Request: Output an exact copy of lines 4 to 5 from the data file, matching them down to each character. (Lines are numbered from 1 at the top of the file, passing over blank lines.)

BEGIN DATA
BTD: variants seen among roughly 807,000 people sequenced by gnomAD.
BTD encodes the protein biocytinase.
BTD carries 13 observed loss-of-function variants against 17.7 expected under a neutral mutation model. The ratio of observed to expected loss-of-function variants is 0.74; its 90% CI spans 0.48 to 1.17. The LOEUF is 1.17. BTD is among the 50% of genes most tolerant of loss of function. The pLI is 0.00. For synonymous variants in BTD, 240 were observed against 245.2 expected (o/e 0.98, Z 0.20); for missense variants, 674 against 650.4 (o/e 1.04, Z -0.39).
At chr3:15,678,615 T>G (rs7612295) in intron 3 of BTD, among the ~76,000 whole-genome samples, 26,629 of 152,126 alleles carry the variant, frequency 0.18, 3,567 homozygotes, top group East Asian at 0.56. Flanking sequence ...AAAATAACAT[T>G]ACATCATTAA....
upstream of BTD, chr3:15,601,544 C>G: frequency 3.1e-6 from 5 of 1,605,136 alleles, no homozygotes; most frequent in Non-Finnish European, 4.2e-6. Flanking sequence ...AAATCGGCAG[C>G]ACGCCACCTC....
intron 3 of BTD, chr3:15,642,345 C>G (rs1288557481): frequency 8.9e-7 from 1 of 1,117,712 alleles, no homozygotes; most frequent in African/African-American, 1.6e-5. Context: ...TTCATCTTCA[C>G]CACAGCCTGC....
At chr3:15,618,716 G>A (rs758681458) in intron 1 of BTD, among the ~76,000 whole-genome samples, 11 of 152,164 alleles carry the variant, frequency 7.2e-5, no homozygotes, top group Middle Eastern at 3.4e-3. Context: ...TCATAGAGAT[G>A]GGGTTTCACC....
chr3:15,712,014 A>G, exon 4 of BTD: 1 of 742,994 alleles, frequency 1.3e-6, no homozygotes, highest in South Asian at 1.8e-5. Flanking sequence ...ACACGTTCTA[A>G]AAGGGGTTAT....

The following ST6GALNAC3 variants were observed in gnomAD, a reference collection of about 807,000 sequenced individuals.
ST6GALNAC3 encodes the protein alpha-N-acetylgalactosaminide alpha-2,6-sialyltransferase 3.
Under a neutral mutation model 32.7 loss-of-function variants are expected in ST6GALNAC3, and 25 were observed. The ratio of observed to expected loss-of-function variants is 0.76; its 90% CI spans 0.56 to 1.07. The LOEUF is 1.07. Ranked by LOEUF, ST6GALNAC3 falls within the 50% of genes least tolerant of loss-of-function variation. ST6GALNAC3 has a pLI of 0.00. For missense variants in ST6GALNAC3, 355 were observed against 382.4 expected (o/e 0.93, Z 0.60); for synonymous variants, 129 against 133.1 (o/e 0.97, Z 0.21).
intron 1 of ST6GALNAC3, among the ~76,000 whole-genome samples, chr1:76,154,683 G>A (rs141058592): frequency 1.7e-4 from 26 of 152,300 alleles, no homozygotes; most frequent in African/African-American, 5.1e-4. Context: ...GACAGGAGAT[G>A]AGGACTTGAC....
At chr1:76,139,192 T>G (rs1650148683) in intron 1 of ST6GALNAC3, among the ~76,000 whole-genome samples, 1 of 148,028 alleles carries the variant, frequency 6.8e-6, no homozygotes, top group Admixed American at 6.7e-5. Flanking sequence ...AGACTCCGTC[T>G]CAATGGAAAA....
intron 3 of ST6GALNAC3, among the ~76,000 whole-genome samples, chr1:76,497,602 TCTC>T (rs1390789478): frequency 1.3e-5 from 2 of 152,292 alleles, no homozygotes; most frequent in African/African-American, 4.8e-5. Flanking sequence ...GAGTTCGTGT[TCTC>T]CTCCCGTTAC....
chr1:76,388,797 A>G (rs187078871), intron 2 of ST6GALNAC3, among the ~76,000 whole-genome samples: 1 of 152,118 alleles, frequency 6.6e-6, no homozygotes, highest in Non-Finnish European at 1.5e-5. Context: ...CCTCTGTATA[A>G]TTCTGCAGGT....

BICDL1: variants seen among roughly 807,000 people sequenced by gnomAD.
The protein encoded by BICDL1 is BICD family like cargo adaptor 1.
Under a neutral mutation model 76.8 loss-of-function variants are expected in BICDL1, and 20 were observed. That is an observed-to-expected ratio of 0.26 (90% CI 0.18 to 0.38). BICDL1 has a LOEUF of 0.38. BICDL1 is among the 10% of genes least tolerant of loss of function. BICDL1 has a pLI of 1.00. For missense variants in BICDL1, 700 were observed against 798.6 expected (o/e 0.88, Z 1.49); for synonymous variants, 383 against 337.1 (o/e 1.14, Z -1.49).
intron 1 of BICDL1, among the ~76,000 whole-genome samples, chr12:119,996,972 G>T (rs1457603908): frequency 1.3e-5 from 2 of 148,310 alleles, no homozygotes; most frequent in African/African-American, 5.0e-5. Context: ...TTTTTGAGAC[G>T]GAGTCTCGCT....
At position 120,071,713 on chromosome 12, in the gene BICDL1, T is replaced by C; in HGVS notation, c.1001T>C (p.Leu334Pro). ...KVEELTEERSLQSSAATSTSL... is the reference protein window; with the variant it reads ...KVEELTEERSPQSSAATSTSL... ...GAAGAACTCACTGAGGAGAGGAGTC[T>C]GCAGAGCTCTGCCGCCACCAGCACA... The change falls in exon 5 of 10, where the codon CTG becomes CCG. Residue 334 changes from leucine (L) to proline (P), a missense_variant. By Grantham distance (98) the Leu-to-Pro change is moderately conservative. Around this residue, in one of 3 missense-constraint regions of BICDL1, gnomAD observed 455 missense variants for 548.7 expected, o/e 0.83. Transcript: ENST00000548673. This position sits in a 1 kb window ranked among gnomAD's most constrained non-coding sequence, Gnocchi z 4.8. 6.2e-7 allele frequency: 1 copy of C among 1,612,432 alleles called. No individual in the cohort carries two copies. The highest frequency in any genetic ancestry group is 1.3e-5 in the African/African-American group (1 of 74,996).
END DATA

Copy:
At chr3:15,678,615 T>G (rs7612295) in intron 3 of BTD, among the ~76,000 whole-genome samples, 26,629 of 152,126 alleles carry the variant, frequency 0.18, 3,567 homozygotes, top group East Asian at 0.56. Flanking sequence ...AAAATAACAT[T>G]ACATCATTAA....
upstream of BTD, chr3:15,601,544 C>G: frequency 3.1e-6 from 5 of 1,605,136 alleles, no homozygotes; most frequent in Non-Finnish European, 4.2e-6. Flanking sequence ...AAATCGGCAG[C>G]ACGCCACCTC....